Channel Tunnel link group rules out stopping short of London

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The Independent Online
The consortium chosen to build the high-speed Channel Tunnel rail link yesterday emphatically ruled out stopping the line short of central London and said its plans to raise up to pounds 5.4bn in finance and let key tunnelling contracts remained on course. Michael Harrison reports.

London & Continental Railways (LCR), which was awarded the franchise to operate rail services to the tunnel in May last year, said the option of phasing the project or ending the route at Stratford in Essex or Ebbsfleet in Kent had been "discarded as fundamentally flawed".

Adam Mills, chief executive of LCR, said both it and the Government were so committed to building the 68-mile link right through to St Pancras station in central London that the issue of alternatives had not even been discussed with John Prescott, Deputy Prime Minister and Secretary of State for Transport, Environment and the Regions.

"There is no doubt in my mind that the link will be built as planned because first that is what we are legally contracted by the Government to do and second because all the evaluation we have done shows that the economics of the project would not work if it ended anywhere else," Mr Mills said.

He added that preferred contractors for pounds 500m worth of tunnelling work into London would be announced before Christmas with the contracts let in the spring.

LCR also intends to present detailed proposals to the City covering the financing and building of the link early in the new year ahead of a pounds 5.4bn fund-raising exercise in the middle of next year.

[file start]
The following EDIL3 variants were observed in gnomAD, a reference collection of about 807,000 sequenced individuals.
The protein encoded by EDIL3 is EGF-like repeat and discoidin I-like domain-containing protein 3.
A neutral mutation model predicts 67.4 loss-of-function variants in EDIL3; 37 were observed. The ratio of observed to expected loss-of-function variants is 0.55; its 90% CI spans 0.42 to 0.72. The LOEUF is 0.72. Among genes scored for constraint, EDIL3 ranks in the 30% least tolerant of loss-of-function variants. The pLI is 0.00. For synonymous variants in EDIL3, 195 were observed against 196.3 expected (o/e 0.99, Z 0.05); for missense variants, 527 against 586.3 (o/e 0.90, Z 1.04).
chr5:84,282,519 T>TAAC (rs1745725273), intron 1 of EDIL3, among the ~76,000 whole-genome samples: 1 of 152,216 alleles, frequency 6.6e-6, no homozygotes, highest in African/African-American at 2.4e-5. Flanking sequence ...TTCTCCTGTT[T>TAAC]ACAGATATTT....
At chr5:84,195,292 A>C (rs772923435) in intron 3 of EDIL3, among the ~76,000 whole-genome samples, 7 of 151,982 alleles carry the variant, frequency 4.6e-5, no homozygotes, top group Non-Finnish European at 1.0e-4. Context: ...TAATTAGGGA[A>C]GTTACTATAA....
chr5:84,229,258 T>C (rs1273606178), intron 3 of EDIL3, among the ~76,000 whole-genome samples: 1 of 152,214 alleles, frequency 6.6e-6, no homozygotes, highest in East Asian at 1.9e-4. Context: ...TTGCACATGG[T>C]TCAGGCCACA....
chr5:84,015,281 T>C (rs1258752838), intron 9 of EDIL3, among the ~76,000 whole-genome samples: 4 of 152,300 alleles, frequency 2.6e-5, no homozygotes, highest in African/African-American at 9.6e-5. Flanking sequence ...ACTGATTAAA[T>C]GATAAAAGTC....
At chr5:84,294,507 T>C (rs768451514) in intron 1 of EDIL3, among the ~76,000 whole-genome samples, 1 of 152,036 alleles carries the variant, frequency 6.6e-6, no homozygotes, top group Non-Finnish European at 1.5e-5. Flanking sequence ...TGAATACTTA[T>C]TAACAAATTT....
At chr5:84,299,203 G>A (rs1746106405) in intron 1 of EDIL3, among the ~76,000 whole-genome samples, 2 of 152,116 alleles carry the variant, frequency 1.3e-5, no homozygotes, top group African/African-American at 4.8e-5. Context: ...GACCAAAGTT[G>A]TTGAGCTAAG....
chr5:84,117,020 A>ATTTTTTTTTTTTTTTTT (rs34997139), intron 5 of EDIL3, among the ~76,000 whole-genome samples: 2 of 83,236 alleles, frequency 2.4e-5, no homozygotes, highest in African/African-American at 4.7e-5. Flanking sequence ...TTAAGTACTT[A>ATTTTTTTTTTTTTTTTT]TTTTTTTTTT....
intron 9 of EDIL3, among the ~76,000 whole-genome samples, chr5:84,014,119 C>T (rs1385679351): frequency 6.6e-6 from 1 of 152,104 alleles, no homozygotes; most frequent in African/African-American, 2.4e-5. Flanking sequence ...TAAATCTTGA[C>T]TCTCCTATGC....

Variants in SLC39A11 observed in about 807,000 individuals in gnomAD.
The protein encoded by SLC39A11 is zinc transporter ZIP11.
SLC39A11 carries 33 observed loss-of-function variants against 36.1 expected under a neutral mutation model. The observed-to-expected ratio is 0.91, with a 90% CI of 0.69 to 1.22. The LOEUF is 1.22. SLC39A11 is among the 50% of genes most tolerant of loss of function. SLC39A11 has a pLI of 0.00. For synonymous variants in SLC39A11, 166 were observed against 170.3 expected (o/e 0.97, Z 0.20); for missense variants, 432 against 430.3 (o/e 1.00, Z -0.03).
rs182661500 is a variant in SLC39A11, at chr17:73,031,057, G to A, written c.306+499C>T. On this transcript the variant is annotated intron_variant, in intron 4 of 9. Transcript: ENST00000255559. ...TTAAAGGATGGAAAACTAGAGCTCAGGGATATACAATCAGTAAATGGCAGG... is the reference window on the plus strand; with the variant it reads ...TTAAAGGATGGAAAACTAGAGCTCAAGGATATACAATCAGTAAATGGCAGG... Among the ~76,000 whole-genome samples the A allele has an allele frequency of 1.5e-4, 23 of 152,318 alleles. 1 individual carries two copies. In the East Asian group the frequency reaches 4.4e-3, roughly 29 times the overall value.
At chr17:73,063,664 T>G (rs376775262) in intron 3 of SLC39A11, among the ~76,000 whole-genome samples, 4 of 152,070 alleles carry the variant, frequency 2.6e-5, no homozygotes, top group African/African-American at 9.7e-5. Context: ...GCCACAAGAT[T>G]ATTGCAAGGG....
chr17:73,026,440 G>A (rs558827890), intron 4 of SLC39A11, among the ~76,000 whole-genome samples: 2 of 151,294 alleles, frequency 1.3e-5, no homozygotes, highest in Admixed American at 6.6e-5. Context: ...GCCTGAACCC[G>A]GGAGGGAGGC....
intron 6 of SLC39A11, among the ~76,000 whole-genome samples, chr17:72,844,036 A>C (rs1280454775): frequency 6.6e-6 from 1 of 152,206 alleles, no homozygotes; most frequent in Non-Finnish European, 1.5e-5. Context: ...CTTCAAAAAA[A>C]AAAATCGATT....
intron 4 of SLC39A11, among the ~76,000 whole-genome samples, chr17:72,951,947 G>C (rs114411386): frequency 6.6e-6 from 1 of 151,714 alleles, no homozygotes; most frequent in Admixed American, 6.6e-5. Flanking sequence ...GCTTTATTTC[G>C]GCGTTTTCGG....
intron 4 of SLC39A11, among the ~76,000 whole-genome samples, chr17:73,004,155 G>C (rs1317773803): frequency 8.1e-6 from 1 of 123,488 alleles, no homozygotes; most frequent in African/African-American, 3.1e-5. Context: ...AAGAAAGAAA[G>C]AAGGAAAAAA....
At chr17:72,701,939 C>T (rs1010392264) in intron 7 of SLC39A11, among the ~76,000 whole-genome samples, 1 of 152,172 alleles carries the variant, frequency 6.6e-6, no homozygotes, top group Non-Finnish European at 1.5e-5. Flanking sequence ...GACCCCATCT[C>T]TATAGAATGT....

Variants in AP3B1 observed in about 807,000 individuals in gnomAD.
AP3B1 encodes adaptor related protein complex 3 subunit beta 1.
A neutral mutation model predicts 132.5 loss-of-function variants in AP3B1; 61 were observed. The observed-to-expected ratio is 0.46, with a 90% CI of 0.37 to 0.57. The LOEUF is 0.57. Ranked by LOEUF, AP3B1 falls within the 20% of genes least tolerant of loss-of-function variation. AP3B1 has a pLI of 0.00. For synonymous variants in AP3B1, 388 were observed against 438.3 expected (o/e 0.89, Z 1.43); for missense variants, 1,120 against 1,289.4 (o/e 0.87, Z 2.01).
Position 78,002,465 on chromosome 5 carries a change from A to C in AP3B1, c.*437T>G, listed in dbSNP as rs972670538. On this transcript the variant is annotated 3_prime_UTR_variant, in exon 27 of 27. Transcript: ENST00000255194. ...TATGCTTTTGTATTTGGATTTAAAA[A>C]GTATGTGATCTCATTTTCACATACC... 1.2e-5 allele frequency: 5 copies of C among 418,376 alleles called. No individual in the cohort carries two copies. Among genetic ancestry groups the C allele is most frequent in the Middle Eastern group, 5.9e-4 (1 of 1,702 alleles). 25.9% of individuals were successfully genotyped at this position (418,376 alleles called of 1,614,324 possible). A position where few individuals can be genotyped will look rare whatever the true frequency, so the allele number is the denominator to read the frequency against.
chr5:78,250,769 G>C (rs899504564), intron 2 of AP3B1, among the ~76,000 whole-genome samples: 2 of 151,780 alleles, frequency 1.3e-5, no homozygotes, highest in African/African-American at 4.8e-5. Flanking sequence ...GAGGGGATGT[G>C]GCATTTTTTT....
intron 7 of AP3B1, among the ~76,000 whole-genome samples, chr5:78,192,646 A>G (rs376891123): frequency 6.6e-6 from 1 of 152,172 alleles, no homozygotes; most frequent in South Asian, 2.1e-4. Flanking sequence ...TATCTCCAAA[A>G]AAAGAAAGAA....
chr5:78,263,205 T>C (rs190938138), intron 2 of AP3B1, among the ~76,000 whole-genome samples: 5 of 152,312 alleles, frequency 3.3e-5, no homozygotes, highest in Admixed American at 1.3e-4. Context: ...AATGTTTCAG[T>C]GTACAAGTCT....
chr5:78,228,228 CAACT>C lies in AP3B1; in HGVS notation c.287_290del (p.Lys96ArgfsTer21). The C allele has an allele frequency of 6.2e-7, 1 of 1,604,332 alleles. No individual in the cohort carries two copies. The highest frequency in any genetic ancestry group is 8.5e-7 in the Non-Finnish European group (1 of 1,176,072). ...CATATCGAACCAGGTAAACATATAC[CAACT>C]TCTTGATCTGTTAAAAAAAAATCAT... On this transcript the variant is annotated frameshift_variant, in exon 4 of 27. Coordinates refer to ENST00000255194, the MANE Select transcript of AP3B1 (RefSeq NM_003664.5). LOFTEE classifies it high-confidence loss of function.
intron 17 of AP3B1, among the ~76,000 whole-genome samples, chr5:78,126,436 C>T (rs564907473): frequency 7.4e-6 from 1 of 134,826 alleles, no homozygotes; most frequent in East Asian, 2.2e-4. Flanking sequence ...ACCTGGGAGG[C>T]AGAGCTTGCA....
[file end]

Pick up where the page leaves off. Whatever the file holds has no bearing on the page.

Although LCR is still proceeding on the basis of floating on the stock market as an independent business, Mr Mills did not rule out participation in the project by a third parties.

The consortium is talking to seven other parties including Railtrack about how they could help with the financing and construction of the link.

LCR said it remained confident that the capital cost of the project would not exceed pounds 3bn in 1995 prices. However, together with working capital for its existing train operation, Eurostar, and financing costs, the peak funding requirement could reach pounds 5.4bn.

LCR confirmed that the fire inside the Channel Tunnel a year ago had affected passenger growth rates for its Eurostar service and said it would set out details of its new forecasts to the City in its presentation early next year. Eurostar will handle about 6 million passengers this year compared with a forecast by the tunnel operator Eurotunnel of 6.7 million.

Eurotunnel put Eurostar passenger numbers at 9.6 million next year and 10.6 million in 1999.

Mr Mills said the link was still on schedule to open as planned in 2003 and that tenders had been invited for two-thirds of the construction cost.